ZFS on Linux Recommended Optimizations for SSDs vs. Proxmox? Looking for Advice on Impact of Tweaking Pool Settings

Sep 1, 2022
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Hello,

I found a guide for ZFS generally (not Proxmox) focused on extending the life of SSDs being used with ZFS. Most of them aren't implemented on rpool in the default PVE install, so it got me curious.

One is: Swap is disabled.
Beyond that, these are the settings I'm curious about:

Enable TRIM on PVE host node and each VM.
Code:
zpool set autotrim=on $PoolName
As far as each VM, this makes perfect sense. I've seen VM virtual disks where TRIM isn't enabled be treated like spinning rust by the virtualized OS.

On the PVE node itself, I seem to recall there being a reason this isn't the default in PVE, but I can't find it now. Like, we don't have to autotrim becuase something else is doing that in place of ZFS itself?

Should this be on or off?
EDIT: I knew I'd posted about this before. Leave it off, but there might be some additional tweaks needed.
See: https://forum.proxmox.com/threads/p...uilt-in-trim-cron-job-vs-zfs-autotrim.114943/

Disable atime and relatime attributes.
This is to minimize writes, as otherwise these have to be updated on disk every time a file is accessed.

How much of an impact does this really have? Especially in a home network/home server environment? When would I regret not having atime enabled?

Change Extended Attribute Storage to Use inodes to Minimize Writes
Default,
Code:
xattr=on
, uses hidden subdirectories; may need multiple lookups when accessing a file.
Alternative,
Code:
xattr=sa
, uses inodes

dnodesize=auto apparently should also be set for for non-root datasets when changing xattr this way.

a. Apparently, inodes are the intended way to store this data in ZFS on Linux (ZoL)?
b. Creates less I/O requests when extended attributes in use for, e.g., SMB?

Correct ACL Type
Default: off
Allows use of posix acl (getfacl, setfacl).
Store additional access rights (per user and/or per group) on files and directories
Adds to the regular access rights set through chmod/chown
Corrected setting:
Code:
acltype=posixacl

I don't really understand this one well enough to understand the implications of what it's doing.
 
Last edited:
If you really want a deep dive, look at the upstream Open-ZFS documentation, e.g. this.

Best to "optimize for SSD" is to NOT BUY non-enterprise SSDs. This cannot be said enough and most post in this forum about ZFS and SSD performance and problems are for non-enterprise SSDs. I tried it out myself and it is TERRIBLE indeed. Even with Samsung Pros ... which are on the better end of non-enterprise SSDs. Just buy enterprise SSDs and don't care about trimming or reduced live. I've been running Samsung SSDs literally over a decades without regular trim and they just work fine and uptimes in the 2-digit years.

I bought over 30 used enterprise SSDs over the years and they're all still running fine with >95% health and many, many TBW.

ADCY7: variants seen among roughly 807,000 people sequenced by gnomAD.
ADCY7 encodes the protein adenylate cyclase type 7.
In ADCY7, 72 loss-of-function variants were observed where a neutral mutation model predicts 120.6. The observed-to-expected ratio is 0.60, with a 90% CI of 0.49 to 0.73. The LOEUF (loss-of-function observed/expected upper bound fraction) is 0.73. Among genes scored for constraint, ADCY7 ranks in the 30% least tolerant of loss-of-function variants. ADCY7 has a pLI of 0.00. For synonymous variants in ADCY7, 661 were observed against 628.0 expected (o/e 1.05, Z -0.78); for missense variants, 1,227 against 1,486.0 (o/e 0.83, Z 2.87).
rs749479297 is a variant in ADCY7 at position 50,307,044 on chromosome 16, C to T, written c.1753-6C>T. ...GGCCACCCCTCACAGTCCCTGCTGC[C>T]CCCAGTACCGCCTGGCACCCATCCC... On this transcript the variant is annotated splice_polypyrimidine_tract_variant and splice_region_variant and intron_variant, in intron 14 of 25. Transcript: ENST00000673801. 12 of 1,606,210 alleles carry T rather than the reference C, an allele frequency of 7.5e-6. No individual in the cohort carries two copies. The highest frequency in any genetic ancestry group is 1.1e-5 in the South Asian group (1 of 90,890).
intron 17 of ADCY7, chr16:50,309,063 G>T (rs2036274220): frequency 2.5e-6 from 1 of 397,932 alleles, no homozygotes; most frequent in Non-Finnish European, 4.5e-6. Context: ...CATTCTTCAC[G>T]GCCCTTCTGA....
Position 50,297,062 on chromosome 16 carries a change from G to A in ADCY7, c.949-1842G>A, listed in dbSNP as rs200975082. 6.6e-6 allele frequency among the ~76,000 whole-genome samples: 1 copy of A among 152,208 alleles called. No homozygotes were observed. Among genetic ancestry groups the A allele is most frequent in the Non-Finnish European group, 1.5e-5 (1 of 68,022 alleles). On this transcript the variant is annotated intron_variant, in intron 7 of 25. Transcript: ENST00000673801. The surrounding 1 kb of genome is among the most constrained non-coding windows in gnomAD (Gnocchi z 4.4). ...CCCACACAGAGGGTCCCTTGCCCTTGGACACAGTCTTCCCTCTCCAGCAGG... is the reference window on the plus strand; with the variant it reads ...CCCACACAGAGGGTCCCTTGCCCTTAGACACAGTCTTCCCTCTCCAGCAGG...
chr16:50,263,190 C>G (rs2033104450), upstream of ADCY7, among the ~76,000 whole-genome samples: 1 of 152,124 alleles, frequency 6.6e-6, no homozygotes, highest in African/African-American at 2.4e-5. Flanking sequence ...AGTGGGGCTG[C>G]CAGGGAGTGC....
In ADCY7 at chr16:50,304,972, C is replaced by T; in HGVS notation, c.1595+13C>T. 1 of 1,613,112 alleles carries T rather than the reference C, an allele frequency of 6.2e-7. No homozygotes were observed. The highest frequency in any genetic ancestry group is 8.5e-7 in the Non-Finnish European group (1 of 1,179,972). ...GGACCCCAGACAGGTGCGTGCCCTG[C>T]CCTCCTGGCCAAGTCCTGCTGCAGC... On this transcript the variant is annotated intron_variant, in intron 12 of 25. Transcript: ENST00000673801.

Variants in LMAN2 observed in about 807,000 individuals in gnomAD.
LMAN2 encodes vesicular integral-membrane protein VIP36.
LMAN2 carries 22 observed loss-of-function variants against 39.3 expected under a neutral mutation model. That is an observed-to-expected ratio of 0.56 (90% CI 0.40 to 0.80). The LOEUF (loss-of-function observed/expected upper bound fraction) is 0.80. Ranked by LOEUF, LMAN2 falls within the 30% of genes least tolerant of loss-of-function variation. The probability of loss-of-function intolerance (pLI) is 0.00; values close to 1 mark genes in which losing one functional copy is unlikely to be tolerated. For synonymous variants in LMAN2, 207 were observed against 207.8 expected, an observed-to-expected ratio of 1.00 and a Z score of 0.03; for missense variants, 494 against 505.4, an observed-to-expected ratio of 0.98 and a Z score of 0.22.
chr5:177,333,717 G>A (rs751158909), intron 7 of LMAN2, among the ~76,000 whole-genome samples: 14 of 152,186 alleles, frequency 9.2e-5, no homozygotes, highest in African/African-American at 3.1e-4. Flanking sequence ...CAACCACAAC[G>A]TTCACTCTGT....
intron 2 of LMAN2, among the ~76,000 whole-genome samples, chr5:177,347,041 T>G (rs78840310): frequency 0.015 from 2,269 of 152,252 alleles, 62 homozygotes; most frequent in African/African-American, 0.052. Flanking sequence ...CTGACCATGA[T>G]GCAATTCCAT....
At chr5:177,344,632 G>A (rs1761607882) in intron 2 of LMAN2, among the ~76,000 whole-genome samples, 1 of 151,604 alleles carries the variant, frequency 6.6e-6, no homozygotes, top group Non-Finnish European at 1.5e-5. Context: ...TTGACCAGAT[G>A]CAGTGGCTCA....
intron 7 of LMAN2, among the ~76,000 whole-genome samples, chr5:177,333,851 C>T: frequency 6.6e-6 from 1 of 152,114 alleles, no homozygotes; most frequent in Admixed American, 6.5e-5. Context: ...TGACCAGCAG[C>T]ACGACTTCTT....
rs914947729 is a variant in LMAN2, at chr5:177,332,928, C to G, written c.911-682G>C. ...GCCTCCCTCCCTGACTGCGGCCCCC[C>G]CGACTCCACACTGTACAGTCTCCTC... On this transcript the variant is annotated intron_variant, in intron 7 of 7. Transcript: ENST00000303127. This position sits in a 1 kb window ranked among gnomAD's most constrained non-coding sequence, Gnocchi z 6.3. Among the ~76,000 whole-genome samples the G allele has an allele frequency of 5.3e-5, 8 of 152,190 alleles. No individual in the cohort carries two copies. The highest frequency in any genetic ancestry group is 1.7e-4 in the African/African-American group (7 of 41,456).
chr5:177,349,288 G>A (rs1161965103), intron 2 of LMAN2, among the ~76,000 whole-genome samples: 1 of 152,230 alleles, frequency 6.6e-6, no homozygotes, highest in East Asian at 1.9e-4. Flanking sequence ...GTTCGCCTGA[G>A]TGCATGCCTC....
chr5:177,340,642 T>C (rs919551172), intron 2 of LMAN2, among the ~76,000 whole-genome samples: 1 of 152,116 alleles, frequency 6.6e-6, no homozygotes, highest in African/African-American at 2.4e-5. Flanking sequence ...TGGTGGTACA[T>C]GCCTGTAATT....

If you really want a deep dive, look at the upstream Open-ZFS documentation, e.g. this.

Best to "optimize for SSD" is to NOT BUY non-enterprise SSDs. This cannot be said enough and most post in this forum about ZFS and SSD performance and problems are for non-enterprise SSDs. I tried it out myself and it is TERRIBLE indeed. Even with Samsung Pros ... which are on the better end of non-enterprise SSDs. Just buy enterprise SSDs and don't care about trimming or reduced live. I've been running Samsung SSDs literally over a decades without regular trim and they just work fine and uptimes in the 2-digit years.

I bought over 30 used enterprise SSDs over the years and they're all still running fine with >95% health and many, many TBW.
I'm running enterprise SATA disks in this box. Both of them are showing 99 percent endurance remaining, and their endurance is measured in PB. :)

My other box will be using enterprise SAS2 disks for mass storage.

Endurance aside, are there measurable performance benefits to this sort of optimization?
 
Hi,

IMO, I am 100% agree with @LnxBil. Also to enable trim in any VM/PMX host is not so beter, because for any block who is deleted you will also send a TRIM command, so it will impact on performance(think that you delete a big file ...). It is much better to make a schedule(daily for example), who is running during the night, when your load is less.

Good luck / Bafta!
 
Yeah, I have a trim cronjob, because it trims slog and special device, too. 2 crons, one for each pool.
 
Yeah, I have a trim cronjob, because it trims slog and special device, too. 2 crons, one for each pool.
Host is not so important, yet VMs are. Mostly for freeing space in your pool occupied by deleted files.

Endurance aside, are there measurable performance benefits to this sort of optimization?
Depends on your workload, raidz-setting, etc. There are no knobs to turn and everything runs 10 times faster. If there were any, they were already turned and they would not be needed in the first place. Everything else falls into the "it depends" category, mostly analysing what you want and optimize for. There are application specific optimizations, e.g. for postgres.
 

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